total immersion

Total immersion is a swimming technique. I learned about it two summers ago when I signed up for my first YWCA Women’s triathlon. The basic premise is this: everything you learned about swimming when you were a kid is wrong. We were taught to motor ourselves through the water with pounding arms and legs. When, if you look at other animals that swim, the most powerful way to move through the water is by rotating your core and gliding. The phrase the swim coaches use is HYDRODYNAMIC. If you are doing it right, your arms and legs do less work. Proper technique actually conserves energy.

On Sunday morning my neighbor and I drove over to the Y to start up lessons with a TI swim coach again. I am so out of habit that I forgot both a towel and goggles. Luckily, I brought my suit and enthusiasm.

I remembered why I love this practice and how you can apply the principles to everything. I actually think of the coach’s voice in my head when I’m doing ordinary things like getting kids ready for school, tackling a list of to do items for my business and collaborators, and as I prepare for our upcoming move.

Practice just one thing at a time.
Swim deeper through the fear, so you don’t drag your own weight.
Keep your head at center.
Breathe from your belly button.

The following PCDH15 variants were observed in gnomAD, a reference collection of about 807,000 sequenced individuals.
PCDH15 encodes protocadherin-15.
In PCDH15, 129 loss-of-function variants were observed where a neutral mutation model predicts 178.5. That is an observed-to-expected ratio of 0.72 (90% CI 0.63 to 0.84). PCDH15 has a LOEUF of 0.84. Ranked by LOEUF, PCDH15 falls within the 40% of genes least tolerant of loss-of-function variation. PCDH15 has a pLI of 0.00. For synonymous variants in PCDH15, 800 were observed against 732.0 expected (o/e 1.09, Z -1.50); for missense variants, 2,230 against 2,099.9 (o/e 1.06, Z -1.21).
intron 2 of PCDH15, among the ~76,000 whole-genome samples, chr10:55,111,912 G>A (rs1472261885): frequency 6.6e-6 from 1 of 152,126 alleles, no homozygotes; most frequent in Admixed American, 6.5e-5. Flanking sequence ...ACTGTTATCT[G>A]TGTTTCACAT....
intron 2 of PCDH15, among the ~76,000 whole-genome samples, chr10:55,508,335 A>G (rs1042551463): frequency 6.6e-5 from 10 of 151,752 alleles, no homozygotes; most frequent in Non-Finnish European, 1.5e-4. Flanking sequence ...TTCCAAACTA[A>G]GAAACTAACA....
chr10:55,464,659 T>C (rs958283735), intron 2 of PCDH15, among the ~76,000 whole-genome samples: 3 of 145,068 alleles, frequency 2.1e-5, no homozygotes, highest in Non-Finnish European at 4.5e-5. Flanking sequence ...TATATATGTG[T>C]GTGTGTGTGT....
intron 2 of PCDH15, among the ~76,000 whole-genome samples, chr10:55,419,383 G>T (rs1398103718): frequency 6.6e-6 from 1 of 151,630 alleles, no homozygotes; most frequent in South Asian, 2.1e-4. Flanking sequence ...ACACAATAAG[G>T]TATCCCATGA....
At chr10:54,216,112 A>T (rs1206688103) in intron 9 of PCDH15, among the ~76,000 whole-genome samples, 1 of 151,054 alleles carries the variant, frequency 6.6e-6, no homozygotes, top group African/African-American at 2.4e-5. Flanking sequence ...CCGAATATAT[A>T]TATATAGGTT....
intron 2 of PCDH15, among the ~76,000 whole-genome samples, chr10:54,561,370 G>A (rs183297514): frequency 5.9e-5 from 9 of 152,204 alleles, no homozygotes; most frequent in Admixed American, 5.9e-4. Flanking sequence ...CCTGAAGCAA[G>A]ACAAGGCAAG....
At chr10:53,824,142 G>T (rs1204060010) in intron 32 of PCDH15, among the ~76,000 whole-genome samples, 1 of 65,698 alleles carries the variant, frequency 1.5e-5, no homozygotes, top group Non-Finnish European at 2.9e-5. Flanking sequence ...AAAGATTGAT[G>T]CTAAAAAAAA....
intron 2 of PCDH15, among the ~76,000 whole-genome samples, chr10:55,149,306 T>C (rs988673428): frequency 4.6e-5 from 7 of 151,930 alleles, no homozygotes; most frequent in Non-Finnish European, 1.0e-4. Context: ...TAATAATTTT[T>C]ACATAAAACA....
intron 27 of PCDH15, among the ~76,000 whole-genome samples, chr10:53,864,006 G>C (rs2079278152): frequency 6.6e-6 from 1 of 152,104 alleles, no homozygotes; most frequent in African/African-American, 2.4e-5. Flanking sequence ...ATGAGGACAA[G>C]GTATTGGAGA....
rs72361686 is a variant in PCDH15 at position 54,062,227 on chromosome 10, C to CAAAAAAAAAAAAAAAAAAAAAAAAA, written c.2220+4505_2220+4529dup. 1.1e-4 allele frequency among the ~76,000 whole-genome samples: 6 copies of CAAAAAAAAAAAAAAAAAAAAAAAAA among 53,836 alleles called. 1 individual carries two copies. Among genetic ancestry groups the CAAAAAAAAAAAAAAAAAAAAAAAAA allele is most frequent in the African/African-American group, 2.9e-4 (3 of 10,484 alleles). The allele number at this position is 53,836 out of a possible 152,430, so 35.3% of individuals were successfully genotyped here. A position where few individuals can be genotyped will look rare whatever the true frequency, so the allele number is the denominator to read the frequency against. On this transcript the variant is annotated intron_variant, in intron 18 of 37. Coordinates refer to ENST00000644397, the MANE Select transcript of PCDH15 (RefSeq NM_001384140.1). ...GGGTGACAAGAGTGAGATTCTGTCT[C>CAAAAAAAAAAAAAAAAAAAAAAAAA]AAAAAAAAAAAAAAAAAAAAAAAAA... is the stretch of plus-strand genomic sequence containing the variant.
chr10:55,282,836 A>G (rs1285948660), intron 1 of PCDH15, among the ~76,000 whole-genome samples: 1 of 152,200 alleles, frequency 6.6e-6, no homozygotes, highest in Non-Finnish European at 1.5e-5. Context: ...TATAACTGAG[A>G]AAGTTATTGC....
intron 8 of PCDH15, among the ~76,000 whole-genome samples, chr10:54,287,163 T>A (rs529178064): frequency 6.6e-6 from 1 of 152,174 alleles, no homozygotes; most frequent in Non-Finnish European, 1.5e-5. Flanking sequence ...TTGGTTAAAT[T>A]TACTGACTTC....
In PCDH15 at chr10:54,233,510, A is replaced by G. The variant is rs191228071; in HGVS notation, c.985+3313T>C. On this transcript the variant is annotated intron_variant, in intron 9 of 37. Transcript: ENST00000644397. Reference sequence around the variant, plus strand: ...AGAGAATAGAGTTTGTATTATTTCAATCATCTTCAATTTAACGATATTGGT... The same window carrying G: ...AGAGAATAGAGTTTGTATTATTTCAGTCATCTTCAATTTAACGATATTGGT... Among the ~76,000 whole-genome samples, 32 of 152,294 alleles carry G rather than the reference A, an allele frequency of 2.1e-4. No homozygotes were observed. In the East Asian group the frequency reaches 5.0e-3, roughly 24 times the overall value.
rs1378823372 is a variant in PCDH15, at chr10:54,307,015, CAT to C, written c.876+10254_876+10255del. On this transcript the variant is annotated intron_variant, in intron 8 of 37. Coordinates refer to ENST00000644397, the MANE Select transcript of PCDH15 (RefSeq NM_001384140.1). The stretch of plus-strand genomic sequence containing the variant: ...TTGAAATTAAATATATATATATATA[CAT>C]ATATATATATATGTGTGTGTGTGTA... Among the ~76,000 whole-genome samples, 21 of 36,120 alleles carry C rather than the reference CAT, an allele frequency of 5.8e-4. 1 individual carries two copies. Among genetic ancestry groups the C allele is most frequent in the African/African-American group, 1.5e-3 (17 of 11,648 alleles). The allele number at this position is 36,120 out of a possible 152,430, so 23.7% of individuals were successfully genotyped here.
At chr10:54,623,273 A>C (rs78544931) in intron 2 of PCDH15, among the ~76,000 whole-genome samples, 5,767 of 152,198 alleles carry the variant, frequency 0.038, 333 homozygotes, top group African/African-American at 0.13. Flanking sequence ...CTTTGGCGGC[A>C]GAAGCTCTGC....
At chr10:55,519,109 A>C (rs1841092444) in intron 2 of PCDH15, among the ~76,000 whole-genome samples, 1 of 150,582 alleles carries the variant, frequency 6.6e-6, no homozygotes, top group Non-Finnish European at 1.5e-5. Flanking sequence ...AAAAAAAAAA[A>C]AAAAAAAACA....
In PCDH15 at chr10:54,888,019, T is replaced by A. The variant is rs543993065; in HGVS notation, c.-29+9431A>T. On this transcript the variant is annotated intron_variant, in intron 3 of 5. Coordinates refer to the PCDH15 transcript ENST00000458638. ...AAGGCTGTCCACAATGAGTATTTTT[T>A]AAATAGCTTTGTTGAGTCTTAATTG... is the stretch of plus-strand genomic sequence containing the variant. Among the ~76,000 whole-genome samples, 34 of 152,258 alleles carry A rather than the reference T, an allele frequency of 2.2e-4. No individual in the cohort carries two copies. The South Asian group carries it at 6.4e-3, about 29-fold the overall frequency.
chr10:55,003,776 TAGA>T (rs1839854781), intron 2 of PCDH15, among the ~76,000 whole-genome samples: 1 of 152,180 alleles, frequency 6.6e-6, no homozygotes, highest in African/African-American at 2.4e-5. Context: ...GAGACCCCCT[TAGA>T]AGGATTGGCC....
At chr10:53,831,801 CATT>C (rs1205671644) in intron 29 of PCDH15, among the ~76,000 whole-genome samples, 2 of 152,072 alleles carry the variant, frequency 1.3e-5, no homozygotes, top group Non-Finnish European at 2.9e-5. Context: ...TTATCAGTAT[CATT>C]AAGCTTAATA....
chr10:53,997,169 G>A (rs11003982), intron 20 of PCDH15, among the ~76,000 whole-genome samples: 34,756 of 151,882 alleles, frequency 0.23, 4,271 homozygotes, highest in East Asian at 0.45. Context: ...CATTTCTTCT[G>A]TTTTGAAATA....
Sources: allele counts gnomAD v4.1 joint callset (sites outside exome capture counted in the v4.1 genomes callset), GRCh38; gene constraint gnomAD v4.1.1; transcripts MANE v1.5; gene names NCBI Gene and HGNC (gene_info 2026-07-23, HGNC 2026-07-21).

The slower you move, the more graceful you are.
Stop kicking so hard.
Notice how your body feels and respond accordingly.
Soften your focus and relax your reach all the way to the tips of your fingers.
It always feels awkward and counterintuitive until it becomes habit.

There are so many areas of life where it is helpful to have someone on the side of the pool who can actually see what we’re doing. Who can point to a slight adjustment that might save us energy or move us closer to gracefulness. Or, even at the more basic level, to have a friend who will hold us accountable to our practice. Pick us up at the door and make sure we remember our goggles, stand next to us on the beach right before we do something that is slightly horrifying, but that might also be exhilarating. When we’re not quite sure we can, but we’ve decided to try. I believe this is the heart of collaboration. Finding the right people to support us as we continually learn fearlessness and move towards those things we really want.

In my work at Table Fort, I try to do all three things. I try to help my collaborators see what is working and where they might make a tiny change towards being more hydrodynamic. I remember my swim suit and jump in the water with them. I also keep looking for new situations to don goggles or a hardhat or a helmet or bring my passport or my boots.

The truth is: we are all so afraid of looking foolish or getting hurt that we stop trying new things. When looking foolish and getting hurt is EXACTLY the way that all humans learn.

It feels awkward and counterintuitive until it becomes a habit.
Soften your focus and relax your reach all the way to the tips of your fingers.
Notice how your body feels and respond accordingly.
The slower you move, the more graceful you are.
Stop kicking so hard.
Breathe from your belly button.
Keep your head at center.
Swim deeper through the fear, so you don’t drag your own weight.
Practice just one thing at a time.

3, 2, 1. Swim.
Keep going.

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